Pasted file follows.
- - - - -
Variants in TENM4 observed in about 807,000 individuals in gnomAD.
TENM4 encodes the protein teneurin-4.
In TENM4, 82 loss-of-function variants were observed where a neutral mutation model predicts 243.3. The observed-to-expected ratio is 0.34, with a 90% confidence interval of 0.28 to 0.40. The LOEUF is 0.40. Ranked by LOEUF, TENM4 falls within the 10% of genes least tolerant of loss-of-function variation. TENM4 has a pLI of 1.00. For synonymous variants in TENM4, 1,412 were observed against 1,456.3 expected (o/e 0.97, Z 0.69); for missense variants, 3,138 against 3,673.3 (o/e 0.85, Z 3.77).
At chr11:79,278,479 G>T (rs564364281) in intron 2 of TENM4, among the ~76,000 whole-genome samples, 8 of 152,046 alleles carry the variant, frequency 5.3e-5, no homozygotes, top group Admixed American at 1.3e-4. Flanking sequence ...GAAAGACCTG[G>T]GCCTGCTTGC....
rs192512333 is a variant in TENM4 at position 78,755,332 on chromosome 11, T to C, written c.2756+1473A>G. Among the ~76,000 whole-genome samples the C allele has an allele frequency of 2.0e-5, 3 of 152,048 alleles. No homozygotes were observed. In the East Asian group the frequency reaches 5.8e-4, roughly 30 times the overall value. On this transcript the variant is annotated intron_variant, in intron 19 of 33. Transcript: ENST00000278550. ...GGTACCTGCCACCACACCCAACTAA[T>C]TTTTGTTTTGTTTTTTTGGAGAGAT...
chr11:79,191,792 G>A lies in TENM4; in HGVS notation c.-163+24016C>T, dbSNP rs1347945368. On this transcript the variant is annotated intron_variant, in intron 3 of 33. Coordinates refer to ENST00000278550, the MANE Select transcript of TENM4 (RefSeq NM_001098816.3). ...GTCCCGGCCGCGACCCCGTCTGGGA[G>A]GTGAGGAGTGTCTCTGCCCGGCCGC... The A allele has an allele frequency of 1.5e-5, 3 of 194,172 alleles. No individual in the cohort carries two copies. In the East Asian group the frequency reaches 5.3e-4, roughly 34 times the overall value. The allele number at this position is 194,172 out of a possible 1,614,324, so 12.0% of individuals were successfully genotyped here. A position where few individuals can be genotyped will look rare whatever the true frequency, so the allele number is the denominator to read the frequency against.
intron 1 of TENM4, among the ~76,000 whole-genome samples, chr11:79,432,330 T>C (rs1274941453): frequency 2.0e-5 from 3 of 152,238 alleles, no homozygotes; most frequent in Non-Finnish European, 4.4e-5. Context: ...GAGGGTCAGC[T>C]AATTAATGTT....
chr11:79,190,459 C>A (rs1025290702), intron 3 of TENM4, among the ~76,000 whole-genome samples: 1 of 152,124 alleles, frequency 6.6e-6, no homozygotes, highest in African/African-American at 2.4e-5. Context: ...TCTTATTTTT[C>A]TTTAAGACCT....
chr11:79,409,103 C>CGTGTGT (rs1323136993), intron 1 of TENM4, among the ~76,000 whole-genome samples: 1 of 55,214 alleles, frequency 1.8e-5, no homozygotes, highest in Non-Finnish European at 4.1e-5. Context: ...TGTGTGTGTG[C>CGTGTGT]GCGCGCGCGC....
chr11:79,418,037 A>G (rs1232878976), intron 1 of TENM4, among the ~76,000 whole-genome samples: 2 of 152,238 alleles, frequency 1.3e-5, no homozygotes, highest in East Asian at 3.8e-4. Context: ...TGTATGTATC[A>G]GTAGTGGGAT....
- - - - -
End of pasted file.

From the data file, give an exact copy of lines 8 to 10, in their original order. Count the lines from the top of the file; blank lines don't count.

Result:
chr11:79,190,459 C>A (rs1025290702), intron 3 of TENM4, among the ~76,000 whole-genome samples: 1 of 152,124 alleles, frequency 6.6e-6, no homozygotes, highest in African/African-American at 2.4e-5. Context: ...TCTTATTTTT[C>A]TTTAAGACCT....
chr11:79,409,103 C>CGTGTGT (rs1323136993), intron 1 of TENM4, among the ~76,000 whole-genome samples: 1 of 55,214 alleles, frequency 1.8e-5, no homozygotes, highest in Non-Finnish European at 4.1e-5. Context: ...TGTGTGTGTG[C>CGTGTGT]GCGCGCGCGC....
chr11:79,418,037 A>G (rs1232878976), intron 1 of TENM4, among the ~76,000 whole-genome samples: 2 of 152,238 alleles, frequency 1.3e-5, no homozygotes, highest in East Asian at 3.8e-4. Context: ...TGTATGTATC[A>G]GTAGTGGGAT....